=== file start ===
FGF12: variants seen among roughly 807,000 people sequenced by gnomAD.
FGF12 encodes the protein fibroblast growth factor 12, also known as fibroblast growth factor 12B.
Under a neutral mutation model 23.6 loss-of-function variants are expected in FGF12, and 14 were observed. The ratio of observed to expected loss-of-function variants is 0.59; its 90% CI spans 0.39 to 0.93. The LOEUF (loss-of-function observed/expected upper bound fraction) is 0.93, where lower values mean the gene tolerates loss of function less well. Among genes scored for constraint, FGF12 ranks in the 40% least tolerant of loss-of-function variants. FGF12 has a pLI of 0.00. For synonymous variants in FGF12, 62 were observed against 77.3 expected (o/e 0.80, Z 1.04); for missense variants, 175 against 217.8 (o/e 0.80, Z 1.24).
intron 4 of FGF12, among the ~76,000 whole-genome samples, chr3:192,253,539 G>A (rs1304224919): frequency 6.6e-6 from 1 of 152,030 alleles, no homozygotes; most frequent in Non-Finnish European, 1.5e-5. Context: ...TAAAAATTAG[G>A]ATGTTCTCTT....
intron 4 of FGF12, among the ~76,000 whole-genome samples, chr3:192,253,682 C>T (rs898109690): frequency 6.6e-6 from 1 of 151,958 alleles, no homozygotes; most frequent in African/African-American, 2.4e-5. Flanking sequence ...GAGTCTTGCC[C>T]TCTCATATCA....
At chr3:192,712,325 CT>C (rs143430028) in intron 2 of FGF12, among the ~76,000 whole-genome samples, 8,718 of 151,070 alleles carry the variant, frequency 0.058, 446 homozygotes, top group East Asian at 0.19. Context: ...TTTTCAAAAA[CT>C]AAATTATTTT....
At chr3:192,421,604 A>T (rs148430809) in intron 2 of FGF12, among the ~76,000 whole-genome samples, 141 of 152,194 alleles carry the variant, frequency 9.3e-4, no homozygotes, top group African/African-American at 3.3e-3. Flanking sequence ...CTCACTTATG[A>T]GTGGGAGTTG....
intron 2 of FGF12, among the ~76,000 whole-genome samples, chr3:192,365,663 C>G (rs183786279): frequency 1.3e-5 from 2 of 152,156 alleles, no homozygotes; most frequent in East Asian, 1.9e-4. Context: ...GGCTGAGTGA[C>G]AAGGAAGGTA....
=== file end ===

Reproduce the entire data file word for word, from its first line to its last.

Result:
FGF12: variants seen among roughly 807,000 people sequenced by gnomAD.
FGF12 encodes the protein fibroblast growth factor 12, also known as fibroblast growth factor 12B.
Under a neutral mutation model 23.6 loss-of-function variants are expected in FGF12, and 14 were observed. The ratio of observed to expected loss-of-function variants is 0.59; its 90% CI spans 0.39 to 0.93. The LOEUF (loss-of-function observed/expected upper bound fraction) is 0.93, where lower values mean the gene tolerates loss of function less well. Among genes scored for constraint, FGF12 ranks in the 40% least tolerant of loss-of-function variants. FGF12 has a pLI of 0.00. For synonymous variants in FGF12, 62 were observed against 77.3 expected (o/e 0.80, Z 1.04); for missense variants, 175 against 217.8 (o/e 0.80, Z 1.24).
intron 4 of FGF12, among the ~76,000 whole-genome samples, chr3:192,253,539 G>A (rs1304224919): frequency 6.6e-6 from 1 of 152,030 alleles, no homozygotes; most frequent in Non-Finnish European, 1.5e-5. Context: ...TAAAAATTAG[G>A]ATGTTCTCTT....
intron 4 of FGF12, among the ~76,000 whole-genome samples, chr3:192,253,682 C>T (rs898109690): frequency 6.6e-6 from 1 of 151,958 alleles, no homozygotes; most frequent in African/African-American, 2.4e-5. Flanking sequence ...GAGTCTTGCC[C>T]TCTCATATCA....
At chr3:192,712,325 CT>C (rs143430028) in intron 2 of FGF12, among the ~76,000 whole-genome samples, 8,718 of 151,070 alleles carry the variant, frequency 0.058, 446 homozygotes, top group East Asian at 0.19. Context: ...TTTTCAAAAA[CT>C]AAATTATTTT....
At chr3:192,421,604 A>T (rs148430809) in intron 2 of FGF12, among the ~76,000 whole-genome samples, 141 of 152,194 alleles carry the variant, frequency 9.3e-4, no homozygotes, top group African/African-American at 3.3e-3. Flanking sequence ...CTCACTTATG[A>T]GTGGGAGTTG....
intron 2 of FGF12, among the ~76,000 whole-genome samples, chr3:192,365,663 C>G (rs183786279): frequency 1.3e-5 from 2 of 152,156 alleles, no homozygotes; most frequent in East Asian, 1.9e-4. Context: ...GGCTGAGTGA[C>G]AAGGAAGGTA....